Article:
But what does the love of a grandmother have to do with our scripture? What does the love a grandmother have to do with what God is saying to us this morning?  What does Sunday Candy have to do with any of it?  Well the we see that the psalmist rejoices that God has turned our mourning into dancing, and through God sackcloth has been removed and replaced by being clothed in joy.  We have a tangible example of this as we think about relationships with grandma and receiving Sunday Candy.  Because in the love of a grandmother we are prayed over and cared for throughout our mourning.  She is determined to make sure we are clothed in joy, it is the thesis of her prayers.  Her love pushes to make it happen.

 III. We Should Have Unconditional Love For One Another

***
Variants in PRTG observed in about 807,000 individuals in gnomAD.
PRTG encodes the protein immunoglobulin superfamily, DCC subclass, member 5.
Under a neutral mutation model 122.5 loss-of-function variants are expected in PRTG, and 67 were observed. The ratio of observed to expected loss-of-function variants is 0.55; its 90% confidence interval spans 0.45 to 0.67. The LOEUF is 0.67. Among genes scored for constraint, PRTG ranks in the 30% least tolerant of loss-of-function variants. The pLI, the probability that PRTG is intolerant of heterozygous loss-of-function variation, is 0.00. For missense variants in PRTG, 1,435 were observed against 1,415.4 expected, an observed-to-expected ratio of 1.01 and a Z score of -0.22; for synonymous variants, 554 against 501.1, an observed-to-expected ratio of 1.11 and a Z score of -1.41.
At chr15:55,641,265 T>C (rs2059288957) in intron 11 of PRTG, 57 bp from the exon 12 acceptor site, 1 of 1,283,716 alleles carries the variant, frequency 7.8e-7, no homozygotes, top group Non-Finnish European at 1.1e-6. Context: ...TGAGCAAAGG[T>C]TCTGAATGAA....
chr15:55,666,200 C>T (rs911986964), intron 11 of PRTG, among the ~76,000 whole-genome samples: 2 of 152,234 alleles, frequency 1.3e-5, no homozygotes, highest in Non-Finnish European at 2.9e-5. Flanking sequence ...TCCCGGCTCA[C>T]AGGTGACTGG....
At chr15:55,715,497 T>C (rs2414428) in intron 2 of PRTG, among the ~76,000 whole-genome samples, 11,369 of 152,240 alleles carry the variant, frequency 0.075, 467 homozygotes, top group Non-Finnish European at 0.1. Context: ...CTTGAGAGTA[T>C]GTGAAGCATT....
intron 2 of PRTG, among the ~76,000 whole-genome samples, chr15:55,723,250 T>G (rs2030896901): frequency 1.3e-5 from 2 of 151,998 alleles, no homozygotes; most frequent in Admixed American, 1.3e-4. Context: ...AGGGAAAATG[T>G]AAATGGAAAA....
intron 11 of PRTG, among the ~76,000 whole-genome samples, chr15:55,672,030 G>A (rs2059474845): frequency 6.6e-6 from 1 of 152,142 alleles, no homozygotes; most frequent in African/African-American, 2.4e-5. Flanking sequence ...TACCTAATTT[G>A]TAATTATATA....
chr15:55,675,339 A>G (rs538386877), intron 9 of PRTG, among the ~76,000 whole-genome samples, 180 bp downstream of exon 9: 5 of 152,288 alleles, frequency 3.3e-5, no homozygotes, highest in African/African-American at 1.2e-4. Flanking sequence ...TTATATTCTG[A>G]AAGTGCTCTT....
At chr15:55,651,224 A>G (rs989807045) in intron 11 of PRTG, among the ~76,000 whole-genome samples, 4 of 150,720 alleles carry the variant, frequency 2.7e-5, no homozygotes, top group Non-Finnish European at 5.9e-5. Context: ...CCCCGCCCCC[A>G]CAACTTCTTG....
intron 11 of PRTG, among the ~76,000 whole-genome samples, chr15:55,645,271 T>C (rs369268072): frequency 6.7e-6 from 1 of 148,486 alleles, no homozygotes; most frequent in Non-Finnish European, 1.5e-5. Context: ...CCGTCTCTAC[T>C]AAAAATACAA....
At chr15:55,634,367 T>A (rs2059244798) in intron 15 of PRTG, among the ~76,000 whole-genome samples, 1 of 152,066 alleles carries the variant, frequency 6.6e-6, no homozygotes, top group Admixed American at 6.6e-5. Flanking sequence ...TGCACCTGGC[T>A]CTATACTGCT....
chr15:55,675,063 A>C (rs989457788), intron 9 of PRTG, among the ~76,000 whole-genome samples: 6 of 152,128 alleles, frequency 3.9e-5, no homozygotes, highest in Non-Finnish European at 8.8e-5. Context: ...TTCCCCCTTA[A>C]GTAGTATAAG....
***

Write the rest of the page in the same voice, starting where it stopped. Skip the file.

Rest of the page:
However, what we really need to see comes from our Old Testament lesson.  We see here that David has found out about the death of Jonathan and Saul.  David greatly loved Jonathan and Saul, his love was unconditional.  But what we need to understand is that the relationship, at least, between Saul was extremely strained.  Saul was the King, and yet God was so displeased with Saul’s rule, that God had chosen someone other than his son to secede him.  That means that Saul’s legacy would end with him.  So he hated David.  Saul wanted David dead. And yet, David still loved him.  David had an unconditional love that called for not just his own mourning, but the mourning of the whole nation.  David had a love that can only be compared to that of a grandmother, whose love is directed toward us even if we don’t deserve it.  It is like that love that make us the thesis to her prayers even when we have been awful, she wants the best for us.  In her love we are given that Sunday Candy.  But there is something that we learn here.  God is saying to us this morning that our love should be like that of David and that of a grandmother, it should be a love that is almost matchless, a kind of love that is unconditional, inconsequential, without change, big and wide, with passion, something that is only surpassed by God’s love, but at the same time shows us a piece of God’s love.  We should love people so much that we are willing to mourn for them, pray for them, that they are the thesis to our prayers, we are willing to show them a piece of God’s love, and introduce them to the God we know.  In this, we learn how to live life as the people of God, as people that are dedicated to the works of Christ within the world.  In this we learn that we are to love one another, we are to love people even when they have done wrong, we are to love those who dislike us, we are to love those who are rejected, we are to love those who are sinful, we are to love those who are not like us, we are to love those that are like us, we are to love those that are near to us, we are to love those who are far away from us.  We are to love one another.  And each and everyone of them should be the thesis of our prayers.  We should intentionally go to God for their betterment and thankful for their very being.  We should offer up a symbol of our love, to show it actively, just like our grandmother’s do when we ask for that Sunday Candy.  Because when we show our love, we are allowing people to see the love of God at work in the world.  Let us step out into the world and share the love of Jesus Christ everywhere we go, with whomever we meet.  Amen.